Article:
As a naturally skinny guy, you might believe that you can get away with a “dreamer bulk”. Stuffing yourself on pop tarts, pizza, and protein shakes until you become jacked and ripped. Sorry to rain on your parade, but even the hardest of hardgainers can’t get away with a "perma-bulk".
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When bulking, sooner or (more likely) later for the hardgainer, things will get a little fluffy. There will inevitably come a time when the surplus of calories you’ve been cramming in starts to result in a little bit too much fat gain. Your abs will soften and a little extra flab might even appear on your love handles. At this point, you're P-ratio has deteriorated and in all likelihood any weight gained from this stage onwards will be mostly fat.
When this situation eventually occurs, do the smart thing. Don’t try and force feed yourself to more muscle. Accept that you had a good run, but now you need to change tack to maximize your long-term progress. Take a mini-cut. Lose fat. Improve your body's capacity to gain pure muscle and then start over with another bulk. This will allow you to build more muscle (instead of fat) in the long-term.
Use the 5:1 ratio to determine the length of your mini-cut. If you bulked for 20 weeks that means you likely need 4 weeks of an aggressive mini-cut to get back to being lean enough to go again. Likewise, a 25-week bulk would probably require 5 weeks’ worth of dieting.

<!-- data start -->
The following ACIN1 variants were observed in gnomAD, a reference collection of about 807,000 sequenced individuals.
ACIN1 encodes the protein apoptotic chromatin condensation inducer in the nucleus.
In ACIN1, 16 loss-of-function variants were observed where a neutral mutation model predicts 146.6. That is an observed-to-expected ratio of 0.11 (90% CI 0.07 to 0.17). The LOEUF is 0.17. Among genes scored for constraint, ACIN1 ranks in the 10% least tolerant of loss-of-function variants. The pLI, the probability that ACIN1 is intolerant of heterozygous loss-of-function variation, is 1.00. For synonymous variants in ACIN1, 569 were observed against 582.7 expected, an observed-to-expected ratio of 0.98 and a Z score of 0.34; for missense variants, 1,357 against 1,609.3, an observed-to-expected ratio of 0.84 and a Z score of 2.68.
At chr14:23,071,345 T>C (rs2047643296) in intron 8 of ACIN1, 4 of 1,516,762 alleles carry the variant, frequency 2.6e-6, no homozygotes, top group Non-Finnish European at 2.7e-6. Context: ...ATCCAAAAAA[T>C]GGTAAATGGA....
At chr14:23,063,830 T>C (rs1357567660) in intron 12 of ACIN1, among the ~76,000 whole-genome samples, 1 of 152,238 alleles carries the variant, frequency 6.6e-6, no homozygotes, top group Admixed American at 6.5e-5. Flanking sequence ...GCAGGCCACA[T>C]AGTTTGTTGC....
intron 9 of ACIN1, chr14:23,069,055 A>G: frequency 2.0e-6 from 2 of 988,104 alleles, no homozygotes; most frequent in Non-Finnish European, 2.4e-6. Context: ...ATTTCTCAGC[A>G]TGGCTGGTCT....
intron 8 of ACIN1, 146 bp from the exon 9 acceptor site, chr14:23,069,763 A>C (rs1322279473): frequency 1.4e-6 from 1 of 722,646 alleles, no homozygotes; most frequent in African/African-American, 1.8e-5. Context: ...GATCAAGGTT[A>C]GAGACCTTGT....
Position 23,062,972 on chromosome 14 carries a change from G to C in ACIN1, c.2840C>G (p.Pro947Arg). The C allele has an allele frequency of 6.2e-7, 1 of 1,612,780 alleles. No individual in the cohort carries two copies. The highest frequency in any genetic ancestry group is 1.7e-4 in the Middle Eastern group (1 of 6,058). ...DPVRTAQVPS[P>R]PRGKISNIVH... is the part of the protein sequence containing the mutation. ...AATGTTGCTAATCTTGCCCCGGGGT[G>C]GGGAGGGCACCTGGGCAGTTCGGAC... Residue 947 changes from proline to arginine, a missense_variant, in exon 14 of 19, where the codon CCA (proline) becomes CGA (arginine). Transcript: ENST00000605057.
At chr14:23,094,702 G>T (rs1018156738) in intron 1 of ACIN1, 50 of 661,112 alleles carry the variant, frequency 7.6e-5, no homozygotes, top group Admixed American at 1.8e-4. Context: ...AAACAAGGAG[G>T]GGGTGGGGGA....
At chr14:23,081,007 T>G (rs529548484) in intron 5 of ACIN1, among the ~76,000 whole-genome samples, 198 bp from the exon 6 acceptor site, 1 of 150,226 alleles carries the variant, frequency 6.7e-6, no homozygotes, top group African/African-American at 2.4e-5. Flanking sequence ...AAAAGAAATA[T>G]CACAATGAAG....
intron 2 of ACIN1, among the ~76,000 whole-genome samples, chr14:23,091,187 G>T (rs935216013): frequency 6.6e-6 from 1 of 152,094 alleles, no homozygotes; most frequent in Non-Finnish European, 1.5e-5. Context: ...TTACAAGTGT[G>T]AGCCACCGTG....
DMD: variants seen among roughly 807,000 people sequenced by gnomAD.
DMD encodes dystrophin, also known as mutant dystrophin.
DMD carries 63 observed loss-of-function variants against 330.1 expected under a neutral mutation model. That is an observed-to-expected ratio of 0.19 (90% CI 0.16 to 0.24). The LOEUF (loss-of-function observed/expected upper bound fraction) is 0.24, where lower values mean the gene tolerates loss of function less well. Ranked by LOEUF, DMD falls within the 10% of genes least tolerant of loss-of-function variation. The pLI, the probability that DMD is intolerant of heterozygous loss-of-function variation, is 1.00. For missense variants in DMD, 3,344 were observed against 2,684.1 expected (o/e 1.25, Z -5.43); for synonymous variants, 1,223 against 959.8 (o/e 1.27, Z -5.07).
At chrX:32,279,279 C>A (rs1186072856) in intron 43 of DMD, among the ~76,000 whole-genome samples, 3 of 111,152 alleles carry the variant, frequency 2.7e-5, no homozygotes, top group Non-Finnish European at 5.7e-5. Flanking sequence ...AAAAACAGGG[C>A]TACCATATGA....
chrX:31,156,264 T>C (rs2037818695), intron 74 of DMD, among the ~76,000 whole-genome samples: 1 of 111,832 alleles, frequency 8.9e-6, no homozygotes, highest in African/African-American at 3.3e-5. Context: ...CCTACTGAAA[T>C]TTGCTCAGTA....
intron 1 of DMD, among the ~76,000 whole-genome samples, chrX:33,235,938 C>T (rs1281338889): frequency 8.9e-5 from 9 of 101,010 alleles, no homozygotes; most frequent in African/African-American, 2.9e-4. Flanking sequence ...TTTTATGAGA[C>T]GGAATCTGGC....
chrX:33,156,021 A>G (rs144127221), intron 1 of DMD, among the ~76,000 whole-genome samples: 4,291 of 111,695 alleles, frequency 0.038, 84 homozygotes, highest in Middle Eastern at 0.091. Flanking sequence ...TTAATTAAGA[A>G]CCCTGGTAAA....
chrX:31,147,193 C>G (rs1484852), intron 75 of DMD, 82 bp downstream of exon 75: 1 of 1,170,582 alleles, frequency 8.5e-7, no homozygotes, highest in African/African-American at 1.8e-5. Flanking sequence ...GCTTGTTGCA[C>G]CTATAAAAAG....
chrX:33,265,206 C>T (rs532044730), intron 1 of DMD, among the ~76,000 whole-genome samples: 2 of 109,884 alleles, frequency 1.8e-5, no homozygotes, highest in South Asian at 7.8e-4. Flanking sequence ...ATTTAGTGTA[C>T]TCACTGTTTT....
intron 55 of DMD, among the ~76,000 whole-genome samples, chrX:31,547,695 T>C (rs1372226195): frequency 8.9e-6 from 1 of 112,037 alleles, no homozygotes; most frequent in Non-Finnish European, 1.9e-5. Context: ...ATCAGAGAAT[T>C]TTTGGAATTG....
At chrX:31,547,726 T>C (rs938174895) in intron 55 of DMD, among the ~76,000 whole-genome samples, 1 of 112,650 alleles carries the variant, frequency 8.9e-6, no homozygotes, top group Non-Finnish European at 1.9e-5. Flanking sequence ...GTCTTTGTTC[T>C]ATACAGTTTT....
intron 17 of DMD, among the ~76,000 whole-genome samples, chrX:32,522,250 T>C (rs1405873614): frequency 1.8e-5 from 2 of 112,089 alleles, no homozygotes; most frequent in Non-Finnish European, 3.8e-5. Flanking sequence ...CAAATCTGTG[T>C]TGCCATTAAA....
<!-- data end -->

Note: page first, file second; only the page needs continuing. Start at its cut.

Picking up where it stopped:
Be Mature Enough to Accept that Progress Is Not Linear
As a naturally skinny guy myself, I know the frustration of having to cut. We often still don’t feel big enough yet and are tempted to keep pushing for the next 3, 4, or 5 pounds on the scale. Somehow, we believe this will make all the difference. Sadly, if you give into your emotions and pursue the next 5 pounds you just get fatter, build little to no muscle, and have to diet for longer to get lean enough to bulk effectively.
I’ve made this mistake in the past. Thankfully, I have finally learnt my lesson. Save yourself some time and lots of frustration by learning from my mistakes rather than making them yourself. Be mature enough to make logical decisions about your training and diet. When the time comes accept that it's time to switch gears and get lean, safe in the knowledge you will soon be able to continue bulking in a much more effective manner.
Sadly, progress in bodybuilding is not linear. You cannot add lean muscle week after week, month after month, year after year for eternity. The physique development process is more cyclical than linear. The trend, however, should always be upwards. Use the 5:1 ratio to guide you through cycles of bulking and cutting.
Big Picture View
For a naturally skinny guy, it’s going to take years to build a truly impressive physique.
Enough consistent years of smart decision making about bulking and cutting can radically transform even the skinniest of hardgainers. Each year this looks like 40-45 weeks of the year bulking and 7-12 weeks of cutting.
Put enough years like that back to back and soon enough people will be asking you for training advice.
Perhaps they’ll even say stuff like, “I could look like you too if I had your genetics.” If only they knew what it really took!
Does this rule apply to hard gaining women as well?